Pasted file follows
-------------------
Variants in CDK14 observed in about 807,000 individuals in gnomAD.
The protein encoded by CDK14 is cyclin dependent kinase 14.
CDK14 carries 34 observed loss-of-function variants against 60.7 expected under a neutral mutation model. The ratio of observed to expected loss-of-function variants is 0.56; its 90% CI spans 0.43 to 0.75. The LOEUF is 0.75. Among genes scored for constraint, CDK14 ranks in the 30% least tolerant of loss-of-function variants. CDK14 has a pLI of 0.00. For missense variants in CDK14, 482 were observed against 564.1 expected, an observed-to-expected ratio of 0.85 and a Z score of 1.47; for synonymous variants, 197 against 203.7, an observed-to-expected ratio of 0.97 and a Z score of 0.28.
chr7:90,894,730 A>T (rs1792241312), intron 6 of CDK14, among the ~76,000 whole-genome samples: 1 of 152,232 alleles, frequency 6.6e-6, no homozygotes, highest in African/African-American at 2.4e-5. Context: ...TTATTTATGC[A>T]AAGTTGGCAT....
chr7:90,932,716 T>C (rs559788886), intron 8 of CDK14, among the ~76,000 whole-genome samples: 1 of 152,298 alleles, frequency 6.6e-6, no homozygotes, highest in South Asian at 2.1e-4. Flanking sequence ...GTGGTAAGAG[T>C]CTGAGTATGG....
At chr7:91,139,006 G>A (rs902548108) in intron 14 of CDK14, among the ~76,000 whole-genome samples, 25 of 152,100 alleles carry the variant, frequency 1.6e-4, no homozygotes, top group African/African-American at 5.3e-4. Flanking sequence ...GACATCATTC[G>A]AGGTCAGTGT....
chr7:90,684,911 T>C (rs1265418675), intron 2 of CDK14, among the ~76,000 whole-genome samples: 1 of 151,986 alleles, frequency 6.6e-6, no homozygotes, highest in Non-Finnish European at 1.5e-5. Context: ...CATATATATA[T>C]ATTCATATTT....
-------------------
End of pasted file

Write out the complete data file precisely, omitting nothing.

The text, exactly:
Variants in CDK14 observed in about 807,000 individuals in gnomAD.
The protein encoded by CDK14 is cyclin dependent kinase 14.
CDK14 carries 34 observed loss-of-function variants against 60.7 expected under a neutral mutation model. The ratio of observed to expected loss-of-function variants is 0.56; its 90% CI spans 0.43 to 0.75. The LOEUF is 0.75. Among genes scored for constraint, CDK14 ranks in the 30% least tolerant of loss-of-function variants. CDK14 has a pLI of 0.00. For missense variants in CDK14, 482 were observed against 564.1 expected, an observed-to-expected ratio of 0.85 and a Z score of 1.47; for synonymous variants, 197 against 203.7, an observed-to-expected ratio of 0.97 and a Z score of 0.28.
chr7:90,894,730 A>T (rs1792241312), intron 6 of CDK14, among the ~76,000 whole-genome samples: 1 of 152,232 alleles, frequency 6.6e-6, no homozygotes, highest in African/African-American at 2.4e-5. Context: ...TTATTTATGC[A>T]AAGTTGGCAT....
chr7:90,932,716 T>C (rs559788886), intron 8 of CDK14, among the ~76,000 whole-genome samples: 1 of 152,298 alleles, frequency 6.6e-6, no homozygotes, highest in South Asian at 2.1e-4. Flanking sequence ...GTGGTAAGAG[T>C]CTGAGTATGG....
At chr7:91,139,006 G>A (rs902548108) in intron 14 of CDK14, among the ~76,000 whole-genome samples, 25 of 152,100 alleles carry the variant, frequency 1.6e-4, no homozygotes, top group African/African-American at 5.3e-4. Flanking sequence ...GACATCATTC[G>A]AGGTCAGTGT....
chr7:90,684,911 T>C (rs1265418675), intron 2 of CDK14, among the ~76,000 whole-genome samples: 1 of 151,986 alleles, frequency 6.6e-6, no homozygotes, highest in Non-Finnish European at 1.5e-5. Context: ...CATATATATA[T>C]ATTCATATTT....